syslog-ng documentation

Your main source of knowledge

The syslog-ng product family has an extensive documentation, covering everything from how to install a product to the most complex configuration and settings descriptions. If you cannot find an answer to your question, try the mailing list - our community is always eager to help.

syslog-ng Premium Edition


5.2. The configuration syntax in detail

Every syslog-ng configuration file must begin with a line containing the version information of syslog-ng. For syslog-ng version 7, this line looks like:

@version: 7.0.8

Versioning the configuration file was introduced in syslog-ng 3.0. If the configuration file does not contain the version information, syslog-ng assumes that the file is for syslog-ng version 2.x. In this case it interprets the configuration and sends warnings about the parts of the configuration that should be updated. Version 3.0 and later will correctly operate with configuration files of version 2.x, but the default values of certain parameters have changed since 3.0.

Example 5.1. A simple configuration file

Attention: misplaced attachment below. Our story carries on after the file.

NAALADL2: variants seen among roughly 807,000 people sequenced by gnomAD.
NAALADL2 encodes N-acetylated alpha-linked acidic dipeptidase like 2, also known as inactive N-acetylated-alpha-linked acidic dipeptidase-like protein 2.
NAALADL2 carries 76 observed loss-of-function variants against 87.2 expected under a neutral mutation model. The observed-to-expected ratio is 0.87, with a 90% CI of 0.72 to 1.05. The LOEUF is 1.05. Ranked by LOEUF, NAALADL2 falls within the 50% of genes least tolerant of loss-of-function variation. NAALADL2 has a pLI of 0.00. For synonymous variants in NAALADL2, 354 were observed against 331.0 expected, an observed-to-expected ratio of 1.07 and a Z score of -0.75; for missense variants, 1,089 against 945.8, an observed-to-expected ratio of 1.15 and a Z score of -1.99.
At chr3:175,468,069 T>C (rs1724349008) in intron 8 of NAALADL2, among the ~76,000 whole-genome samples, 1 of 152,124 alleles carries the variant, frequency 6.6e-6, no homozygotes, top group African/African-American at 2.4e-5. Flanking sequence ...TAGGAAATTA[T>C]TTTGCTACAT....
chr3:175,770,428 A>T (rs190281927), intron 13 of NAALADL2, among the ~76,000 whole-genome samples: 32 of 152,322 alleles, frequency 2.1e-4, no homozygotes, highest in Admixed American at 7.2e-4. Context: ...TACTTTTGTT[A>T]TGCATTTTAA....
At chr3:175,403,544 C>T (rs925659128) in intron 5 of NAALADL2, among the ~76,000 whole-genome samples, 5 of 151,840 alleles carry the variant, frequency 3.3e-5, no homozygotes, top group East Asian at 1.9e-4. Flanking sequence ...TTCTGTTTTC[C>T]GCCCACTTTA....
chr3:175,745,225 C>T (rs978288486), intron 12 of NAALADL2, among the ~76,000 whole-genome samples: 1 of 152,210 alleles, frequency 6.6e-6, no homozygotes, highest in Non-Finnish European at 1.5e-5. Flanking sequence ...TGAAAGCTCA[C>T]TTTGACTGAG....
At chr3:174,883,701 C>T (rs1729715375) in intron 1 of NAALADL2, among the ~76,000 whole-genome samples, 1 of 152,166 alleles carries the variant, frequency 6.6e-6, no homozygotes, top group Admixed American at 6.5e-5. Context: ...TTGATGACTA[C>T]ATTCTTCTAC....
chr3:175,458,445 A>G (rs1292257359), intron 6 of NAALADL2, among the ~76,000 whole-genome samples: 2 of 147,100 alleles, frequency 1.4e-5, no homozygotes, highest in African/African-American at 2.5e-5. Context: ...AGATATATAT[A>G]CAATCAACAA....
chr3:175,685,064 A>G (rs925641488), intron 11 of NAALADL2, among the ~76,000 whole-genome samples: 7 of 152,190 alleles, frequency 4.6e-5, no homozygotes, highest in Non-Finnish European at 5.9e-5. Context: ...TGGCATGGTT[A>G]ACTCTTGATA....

The following is a very simple configuration file for syslog-ng: it collects the internal messages of syslog-ng and the messages from /dev/log into the /var/log/messages_syslog-ng.log file.

@version: 7.0.8

source s_local { unix-dgram("/dev/log"); internal(); };

destination d_file { file("/var/log/messages_syslog-ng.log"); };

log { source(s_local); destination(d_file); };

As a syslog-ng user described on a mailing list:


The syslog-ng's config file format was written by programmers for programmers to be understood by programmers. That may not have been the stated intent, but it is how things turned out. The syntax is exactly that of C, all the way down to braces and statement terminators.

 --Alan McKinnon
  • The main body of the configuration file consists of object definitions: sources, destinations, logpaths define which log message are received and where they are sent. All identifiers, option names and attributes, and any other strings used in the syslog-ng configuration file are case sensitive. Object definitions (also called statements) have the following syntax:

    type-of-the-object identifier-of-the-object {<parameters>};
    • Type of the object: One of source, destination, log, filter, parser, rewrite rule, or template.

    • Identifier of the object: A unique name identifying the object. When using a reserved word as an identifier, enclose the identifier in quotation marks.

      All identifiers, attributes, and any other strings used in the syslog-ng configuration file are case sensitive.


      Use identifiers that refer to the type of the object they identify. For example, prefix source objects with s_, destinations with d_, and so on.


      Repeating a definition of an object (that is, defining the same object with the same id more than once) is not allowed, unless you use the @define allow-config-dups 1 definition in the configuration file.